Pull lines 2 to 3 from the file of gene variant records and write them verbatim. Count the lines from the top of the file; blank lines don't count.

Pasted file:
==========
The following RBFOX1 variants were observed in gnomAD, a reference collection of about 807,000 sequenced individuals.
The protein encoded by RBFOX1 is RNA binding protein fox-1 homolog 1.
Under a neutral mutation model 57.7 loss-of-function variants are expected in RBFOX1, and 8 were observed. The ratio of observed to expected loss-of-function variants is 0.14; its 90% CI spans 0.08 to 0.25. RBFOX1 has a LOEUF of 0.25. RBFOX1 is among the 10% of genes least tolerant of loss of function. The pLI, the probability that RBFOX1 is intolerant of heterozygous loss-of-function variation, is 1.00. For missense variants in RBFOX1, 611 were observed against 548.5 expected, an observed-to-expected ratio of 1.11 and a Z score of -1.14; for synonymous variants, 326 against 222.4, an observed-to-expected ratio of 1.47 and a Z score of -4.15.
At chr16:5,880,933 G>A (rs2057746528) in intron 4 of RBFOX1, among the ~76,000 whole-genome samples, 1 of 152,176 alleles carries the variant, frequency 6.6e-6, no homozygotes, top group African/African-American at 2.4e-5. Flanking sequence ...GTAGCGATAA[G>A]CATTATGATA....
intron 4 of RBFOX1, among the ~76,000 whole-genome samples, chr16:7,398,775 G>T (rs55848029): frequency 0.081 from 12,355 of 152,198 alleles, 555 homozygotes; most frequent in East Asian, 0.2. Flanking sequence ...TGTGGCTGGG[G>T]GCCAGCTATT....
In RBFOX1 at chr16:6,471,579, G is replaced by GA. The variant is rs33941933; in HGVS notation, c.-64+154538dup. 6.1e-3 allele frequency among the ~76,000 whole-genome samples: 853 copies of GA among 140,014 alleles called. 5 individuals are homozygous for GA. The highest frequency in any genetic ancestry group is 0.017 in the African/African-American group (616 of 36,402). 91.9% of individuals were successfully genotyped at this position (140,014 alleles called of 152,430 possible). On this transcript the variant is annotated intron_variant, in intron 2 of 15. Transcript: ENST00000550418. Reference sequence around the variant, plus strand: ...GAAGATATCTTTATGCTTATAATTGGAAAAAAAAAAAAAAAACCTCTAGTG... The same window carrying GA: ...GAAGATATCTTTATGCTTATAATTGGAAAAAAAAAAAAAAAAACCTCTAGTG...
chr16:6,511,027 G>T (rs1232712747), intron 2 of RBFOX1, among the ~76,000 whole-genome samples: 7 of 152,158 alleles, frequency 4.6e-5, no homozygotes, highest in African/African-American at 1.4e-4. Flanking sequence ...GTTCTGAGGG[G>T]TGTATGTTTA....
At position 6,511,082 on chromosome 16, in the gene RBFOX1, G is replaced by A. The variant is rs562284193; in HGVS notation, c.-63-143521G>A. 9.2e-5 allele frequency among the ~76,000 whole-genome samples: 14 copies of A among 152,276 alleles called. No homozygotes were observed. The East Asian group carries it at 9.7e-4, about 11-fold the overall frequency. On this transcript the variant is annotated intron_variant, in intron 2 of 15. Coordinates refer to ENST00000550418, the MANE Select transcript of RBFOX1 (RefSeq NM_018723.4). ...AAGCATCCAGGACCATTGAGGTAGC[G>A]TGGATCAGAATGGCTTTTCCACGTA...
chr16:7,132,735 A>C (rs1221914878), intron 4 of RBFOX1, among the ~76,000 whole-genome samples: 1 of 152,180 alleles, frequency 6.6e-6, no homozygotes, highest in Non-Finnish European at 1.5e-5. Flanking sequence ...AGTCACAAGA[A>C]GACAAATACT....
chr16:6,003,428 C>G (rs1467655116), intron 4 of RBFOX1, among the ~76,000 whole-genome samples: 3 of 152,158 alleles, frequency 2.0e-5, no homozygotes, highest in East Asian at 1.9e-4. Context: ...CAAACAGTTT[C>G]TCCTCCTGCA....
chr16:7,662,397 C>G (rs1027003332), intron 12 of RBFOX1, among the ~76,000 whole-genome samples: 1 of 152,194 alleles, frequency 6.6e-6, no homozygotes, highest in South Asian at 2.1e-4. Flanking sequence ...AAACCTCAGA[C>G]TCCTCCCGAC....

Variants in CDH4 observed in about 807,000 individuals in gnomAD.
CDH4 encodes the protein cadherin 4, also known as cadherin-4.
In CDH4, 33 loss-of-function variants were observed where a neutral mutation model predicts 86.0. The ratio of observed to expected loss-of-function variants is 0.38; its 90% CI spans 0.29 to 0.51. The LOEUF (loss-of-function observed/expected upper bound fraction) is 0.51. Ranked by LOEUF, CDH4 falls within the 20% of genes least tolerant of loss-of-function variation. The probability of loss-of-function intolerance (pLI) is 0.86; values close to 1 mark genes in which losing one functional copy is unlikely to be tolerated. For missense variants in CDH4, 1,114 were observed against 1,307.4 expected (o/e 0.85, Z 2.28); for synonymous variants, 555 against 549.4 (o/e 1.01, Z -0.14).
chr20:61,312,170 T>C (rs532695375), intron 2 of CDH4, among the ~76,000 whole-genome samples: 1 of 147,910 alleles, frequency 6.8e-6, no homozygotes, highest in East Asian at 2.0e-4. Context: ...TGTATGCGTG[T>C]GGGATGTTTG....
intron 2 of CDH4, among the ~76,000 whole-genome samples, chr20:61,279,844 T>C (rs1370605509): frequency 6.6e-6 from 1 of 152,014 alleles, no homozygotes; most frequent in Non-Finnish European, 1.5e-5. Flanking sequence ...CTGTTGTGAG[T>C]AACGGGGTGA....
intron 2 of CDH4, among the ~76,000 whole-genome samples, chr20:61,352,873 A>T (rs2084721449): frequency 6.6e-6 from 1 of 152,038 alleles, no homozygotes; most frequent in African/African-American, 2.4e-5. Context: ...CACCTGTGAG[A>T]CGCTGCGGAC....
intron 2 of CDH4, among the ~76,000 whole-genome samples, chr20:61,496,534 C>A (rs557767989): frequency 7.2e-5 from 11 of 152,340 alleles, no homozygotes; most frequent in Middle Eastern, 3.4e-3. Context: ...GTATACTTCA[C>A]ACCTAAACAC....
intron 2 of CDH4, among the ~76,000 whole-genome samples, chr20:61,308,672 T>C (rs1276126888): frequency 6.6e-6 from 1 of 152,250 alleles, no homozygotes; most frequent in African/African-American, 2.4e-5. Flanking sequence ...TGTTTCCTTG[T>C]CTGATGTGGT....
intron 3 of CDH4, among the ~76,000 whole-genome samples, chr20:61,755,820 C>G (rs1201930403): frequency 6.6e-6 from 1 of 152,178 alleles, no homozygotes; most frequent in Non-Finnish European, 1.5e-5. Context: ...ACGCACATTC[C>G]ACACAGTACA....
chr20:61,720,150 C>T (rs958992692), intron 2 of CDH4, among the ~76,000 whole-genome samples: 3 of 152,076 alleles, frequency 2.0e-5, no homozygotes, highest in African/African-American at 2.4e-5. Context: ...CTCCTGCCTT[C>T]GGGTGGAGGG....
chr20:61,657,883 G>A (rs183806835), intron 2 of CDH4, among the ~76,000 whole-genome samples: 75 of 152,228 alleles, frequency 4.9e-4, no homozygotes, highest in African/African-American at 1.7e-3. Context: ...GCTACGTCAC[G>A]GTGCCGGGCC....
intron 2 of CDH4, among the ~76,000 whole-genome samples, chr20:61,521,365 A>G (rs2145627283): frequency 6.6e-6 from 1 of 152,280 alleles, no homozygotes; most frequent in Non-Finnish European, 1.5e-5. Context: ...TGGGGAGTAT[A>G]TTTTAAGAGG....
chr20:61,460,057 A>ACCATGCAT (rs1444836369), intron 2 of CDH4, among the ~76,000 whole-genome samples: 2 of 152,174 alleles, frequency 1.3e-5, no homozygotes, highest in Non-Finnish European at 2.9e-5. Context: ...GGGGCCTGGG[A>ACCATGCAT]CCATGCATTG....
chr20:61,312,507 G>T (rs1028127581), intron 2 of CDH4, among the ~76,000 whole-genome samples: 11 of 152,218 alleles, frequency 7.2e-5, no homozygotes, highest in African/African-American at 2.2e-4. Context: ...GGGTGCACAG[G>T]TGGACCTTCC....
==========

The protein encoded by RBFOX1 is RNA binding protein fox-1 homolog 1.
Under a neutral mutation model 57.7 loss-of-function variants are expected in RBFOX1, and 8 were observed. The ratio of observed to expected loss-of-function variants is 0.14; its 90% CI spans 0.08 to 0.25. RBFOX1 has a LOEUF of 0.25. RBFOX1 is among the 10% of genes least tolerant of loss of function. The pLI, the probability that RBFOX1 is intolerant of heterozygous loss-of-function variation, is 1.00. For missense variants in RBFOX1, 611 were observed against 548.5 expected, an observed-to-expected ratio of 1.11 and a Z score of -1.14; for synonymous variants, 326 against 222.4, an observed-to-expected ratio of 1.47 and a Z score of -4.15.